The Valhall Flank West forms part of the continued development of the Valhall field lcoated in the Norwegian North Sea Image: The Valhall Flank West wellhead platform in the North Sea. Photo: courtesy of Aker BP. Norwegian oil exploration and development company Aker BP and its partner Pandion Energy have commenced production from the NOK5.5bn ($610.2m) Valhall Flank West wellhead platform in the North Sea.The Valhall Flank West, which is a normally unmanned installation (NUI), forms part of the continued development of the Valhall field located south of the Norwegian North Sea.Intended to develop the western flank of the Valhall oilfield, the platform is delivered under a wellhead alliance between Aker BP, Aker Solutions, Kværner, and Swiss technology multinational ABB.Aker BP is planning to produce another billion barrels from over the next 40 years from the field, which has already produced more than one billion barrels of oil equivalent since its commissioning in 1982.Valhall Flank West receives power via the Valhall field centre from shoreAker BP operates the Valhall field with 80% stake while the remaining 10% interest is held by Pandion Energy. The Valhall Flank West receives power from shore through the Valhall field centre.Pandion Energy CEO Jan Christian Ellefsen said: “Valhall Flank West is the first development project we have participated in as a partner on Valhall & Hod.”According to estimates, Valhall Flank West has recoverable reserves of around 60 million barrels of oil equivalent based on the drilling of six production wells.Aker BP operations and asset development senior ice-president Kjetel Digre said: “Valhall Flank West is an important contribution to achieving our ambition for Valhall. The plan calls for the field to contribute close to 80 million barrels of oil equivalent to Valhall’s production.“Aker BP sees an enormous potential in the Valhall area. We have started removing old platforms from the field centre, we are investing in new wells, we are plugging old wells and we are actively seeking new business opportunities in the area.”Potential hydrocarbon resources from the field will be processed at the Valhall field centre and then be exported.The Heerema’s Thialf lifting vessel was used to place the 2,000t topsides on the jacket at the field.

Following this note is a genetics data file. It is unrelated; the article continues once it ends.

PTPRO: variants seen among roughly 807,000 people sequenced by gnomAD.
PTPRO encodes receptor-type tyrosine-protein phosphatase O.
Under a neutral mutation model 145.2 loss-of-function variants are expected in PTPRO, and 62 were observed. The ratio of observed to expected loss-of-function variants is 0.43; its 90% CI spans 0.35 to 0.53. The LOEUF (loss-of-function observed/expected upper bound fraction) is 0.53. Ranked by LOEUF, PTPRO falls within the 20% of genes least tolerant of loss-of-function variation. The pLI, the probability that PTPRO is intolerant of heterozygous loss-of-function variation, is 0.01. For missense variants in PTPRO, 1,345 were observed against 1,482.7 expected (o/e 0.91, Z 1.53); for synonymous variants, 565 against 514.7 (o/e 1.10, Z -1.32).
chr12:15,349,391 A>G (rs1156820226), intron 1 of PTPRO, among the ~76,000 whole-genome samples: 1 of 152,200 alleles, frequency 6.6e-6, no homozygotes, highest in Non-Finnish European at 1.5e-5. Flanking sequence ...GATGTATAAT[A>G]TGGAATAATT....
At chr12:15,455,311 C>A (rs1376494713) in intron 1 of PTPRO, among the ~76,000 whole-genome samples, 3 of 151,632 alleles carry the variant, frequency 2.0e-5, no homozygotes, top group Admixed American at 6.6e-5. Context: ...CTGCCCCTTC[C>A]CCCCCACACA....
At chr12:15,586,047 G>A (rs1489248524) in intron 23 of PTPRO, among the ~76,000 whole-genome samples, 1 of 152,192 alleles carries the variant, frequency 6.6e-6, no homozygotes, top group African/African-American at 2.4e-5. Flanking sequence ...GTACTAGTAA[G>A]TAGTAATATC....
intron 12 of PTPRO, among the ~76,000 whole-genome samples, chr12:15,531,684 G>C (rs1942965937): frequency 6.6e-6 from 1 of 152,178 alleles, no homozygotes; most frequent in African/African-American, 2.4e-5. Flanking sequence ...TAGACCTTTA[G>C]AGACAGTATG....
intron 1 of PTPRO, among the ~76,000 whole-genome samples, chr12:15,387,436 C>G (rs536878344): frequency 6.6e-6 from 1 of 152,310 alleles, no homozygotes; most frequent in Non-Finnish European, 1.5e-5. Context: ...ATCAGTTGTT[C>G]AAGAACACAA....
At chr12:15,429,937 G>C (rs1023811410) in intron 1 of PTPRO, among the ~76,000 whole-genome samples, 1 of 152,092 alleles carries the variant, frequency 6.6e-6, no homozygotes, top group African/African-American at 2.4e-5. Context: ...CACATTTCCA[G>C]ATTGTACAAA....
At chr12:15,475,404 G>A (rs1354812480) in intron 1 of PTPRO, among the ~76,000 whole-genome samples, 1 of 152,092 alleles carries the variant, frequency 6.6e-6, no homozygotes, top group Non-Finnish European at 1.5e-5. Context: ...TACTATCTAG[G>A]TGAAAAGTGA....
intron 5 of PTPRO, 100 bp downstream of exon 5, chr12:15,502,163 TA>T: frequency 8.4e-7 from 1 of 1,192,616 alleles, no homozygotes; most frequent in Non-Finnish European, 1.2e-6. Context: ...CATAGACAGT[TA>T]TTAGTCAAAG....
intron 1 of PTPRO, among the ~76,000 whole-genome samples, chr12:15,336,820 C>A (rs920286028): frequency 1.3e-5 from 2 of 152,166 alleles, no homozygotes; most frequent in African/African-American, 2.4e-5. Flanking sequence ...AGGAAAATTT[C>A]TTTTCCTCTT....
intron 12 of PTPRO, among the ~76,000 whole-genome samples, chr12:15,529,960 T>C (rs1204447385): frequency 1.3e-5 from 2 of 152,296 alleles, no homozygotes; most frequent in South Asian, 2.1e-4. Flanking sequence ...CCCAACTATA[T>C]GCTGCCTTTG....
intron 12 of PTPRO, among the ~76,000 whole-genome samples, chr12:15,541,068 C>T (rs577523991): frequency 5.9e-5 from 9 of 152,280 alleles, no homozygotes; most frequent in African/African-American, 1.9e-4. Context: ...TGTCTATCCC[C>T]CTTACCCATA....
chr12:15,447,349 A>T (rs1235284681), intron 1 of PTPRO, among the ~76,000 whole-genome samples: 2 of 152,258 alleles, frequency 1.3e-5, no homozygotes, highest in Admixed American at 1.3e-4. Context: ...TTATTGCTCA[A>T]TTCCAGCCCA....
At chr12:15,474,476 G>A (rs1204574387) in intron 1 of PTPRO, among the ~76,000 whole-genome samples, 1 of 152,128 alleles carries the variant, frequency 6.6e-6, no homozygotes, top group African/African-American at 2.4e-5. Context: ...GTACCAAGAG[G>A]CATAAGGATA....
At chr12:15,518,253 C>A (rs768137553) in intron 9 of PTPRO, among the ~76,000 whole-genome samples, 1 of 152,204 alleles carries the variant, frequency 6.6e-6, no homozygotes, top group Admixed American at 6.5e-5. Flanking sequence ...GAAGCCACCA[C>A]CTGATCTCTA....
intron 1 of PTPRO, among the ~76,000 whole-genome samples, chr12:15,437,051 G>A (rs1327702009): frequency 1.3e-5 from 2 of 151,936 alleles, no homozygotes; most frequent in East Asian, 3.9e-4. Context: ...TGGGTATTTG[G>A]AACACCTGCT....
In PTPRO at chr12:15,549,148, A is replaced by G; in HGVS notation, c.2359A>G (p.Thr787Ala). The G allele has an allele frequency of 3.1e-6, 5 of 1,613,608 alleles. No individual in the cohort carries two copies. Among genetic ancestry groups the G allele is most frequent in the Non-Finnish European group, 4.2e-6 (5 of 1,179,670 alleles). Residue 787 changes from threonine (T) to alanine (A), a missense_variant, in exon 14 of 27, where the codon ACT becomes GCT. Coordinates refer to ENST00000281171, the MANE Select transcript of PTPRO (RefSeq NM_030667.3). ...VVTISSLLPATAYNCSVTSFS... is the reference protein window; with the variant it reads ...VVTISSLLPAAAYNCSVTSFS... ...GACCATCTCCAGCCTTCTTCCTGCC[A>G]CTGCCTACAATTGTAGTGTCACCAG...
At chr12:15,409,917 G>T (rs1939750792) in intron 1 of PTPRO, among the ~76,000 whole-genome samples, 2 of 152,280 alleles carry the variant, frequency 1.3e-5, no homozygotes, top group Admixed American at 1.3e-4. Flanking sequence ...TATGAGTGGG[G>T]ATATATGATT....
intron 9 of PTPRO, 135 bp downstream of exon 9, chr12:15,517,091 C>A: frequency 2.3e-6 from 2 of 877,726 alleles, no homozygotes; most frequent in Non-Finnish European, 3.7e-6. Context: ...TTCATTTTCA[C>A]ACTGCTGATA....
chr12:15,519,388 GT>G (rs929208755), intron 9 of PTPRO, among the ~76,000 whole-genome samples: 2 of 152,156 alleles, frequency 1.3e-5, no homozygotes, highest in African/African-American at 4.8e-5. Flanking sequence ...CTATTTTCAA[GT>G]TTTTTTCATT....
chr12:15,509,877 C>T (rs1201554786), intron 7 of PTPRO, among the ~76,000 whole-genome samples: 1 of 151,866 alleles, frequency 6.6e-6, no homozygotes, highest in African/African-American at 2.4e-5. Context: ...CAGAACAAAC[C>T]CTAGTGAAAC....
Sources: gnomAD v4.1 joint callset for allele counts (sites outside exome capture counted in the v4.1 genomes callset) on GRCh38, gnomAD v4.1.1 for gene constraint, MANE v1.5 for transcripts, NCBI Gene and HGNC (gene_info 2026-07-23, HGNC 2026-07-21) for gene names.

JaiOur fourth day in Switzerland proved to be just as instructive as the previous ones. Our escort Mr Sigisbert Bienz arrived at 6.45am to take us to one of the most prominent bakeries in the area, the Bachmann bakery, on a tour that he had kindly arranged. On arrival, we were greeted by Mr Bachmann himself and spoiled with breakfast before a personally guided tour of the whole bakery. It was really interesting to see some of the traditional skills we had learned being put into practice on a grand scale.I was particularly impressed with the high standard of cleanliness and presentation. For example, one of the racks of finished bread looked absolutely delicious, but we were frantically waved away by a member of staff when we tried to photograph it. Sometime later, we discovered that the bread we so admired was actually on the rack designated for products to be scrapped!Other things that definitely stood out were the company’s logo and equipment, coloured bright pink. Much to the delight of my six-year-old daughter, on returning home, I presented her with one of the pink bakery hats.After an extensive tour of the bakery, we moved on to one of Mr Bachmann’s shops in Luzern to observe his wares on display. I was surprised to discover that Bachmann’s produce all their own packaging and paper goods. In my experience, all non-baked goods are usually bought in.The open-plan layout and glass displays in the shop were very effective in enhancing the visual appeal of the products. I found it interesting to learn that the Richemont School also offers courses in varied shop display and presentation techniques. We managed to grab some lunch from the shop and then went on to view some of the competing bakeries in Luzern.While we were there, Mr Bienz revealed some more of the sights that he deemed noteworthy, including the natural formations of the fascinating Glacier Gardens. The glaciers that had sculptured the Alps and the Lakes have left the most amazing and strange geographical features, and the earth still moves. A sign reading “beware falling rocks” is not to be taken lightly, as the rocks can often be larger than your car. Before leaving Luzern for the last time, we made a brief visit to the College of Music to see its beautiful gardens. We also managed to squeeze in a last-minute gift-shopping spree, as I was under instruction to top up my baggage allowance with as much Swiss chocolate as I could carry!Mr Bienz then escorted us to the station where we said our thank yous and farewells. I cannot express what a pleasure it was to have someone so knowledgeable and enthusiastic as our guide; he truly was indispensible. He made the whole trip more enjoyable and a much bigger experience.We boarded the strange double-decker train for the last time and travelled to the airport, and so our adventure came to an end. I look forward to keeping in touch with my fellow award winner Robert Campbell, to swap ideas and possibly reminisce a little too.I am most grateful to Piero Scacco for this wonderful opportunity, and to The Worshipful Company of Bakers, for making the arrangements.RobertOn Friday, which was the day of our return, Siggy had arranged for us to visit a local bakery called ’Bachmann’. This was run by Ramon, who took the time to show us around. Bachmann’s has eight shops and an annual turnover of £12 million. There are 80 people working in the bakery, which is the same amount as at Thomas the Baker, but we have 31 shops, which puts into perspective how in-depth it is and the amount of time they spend on finishing the products compared to ourselves.We also got the opportunity to visit his shops, which were extremely classy. Bachmann prides itself on its service and display of products and it certainly does it well! Whether it was in their shops or cafés, the assistants were always of help and nothing was too much trouble. On the evidence of his products, bakery and shops, it is easy to see why Bachmann has a very wealthy business.My two days’ training at the Richemont School has been the highlight of my bakery career. I never imagined that I would ever get the opportunity to enhance my knowledge and skills from experts like the people I’ve met in the baking industry. It has been a huge pleasure and quite an honour to have been picked for this award. I would like to thank The Worshipful Company of Bakers most sincerely for giving me this fantastic experience, which has been of great use and will never be forgotten. Hopefully, it will help me progress in my bakery career. I would also like to thank abim for sponsoring my trip and I owe a huge thank you to Thomas The Baker for all its support and training throughout the last 11 years, which got me into this position to enter for the award. n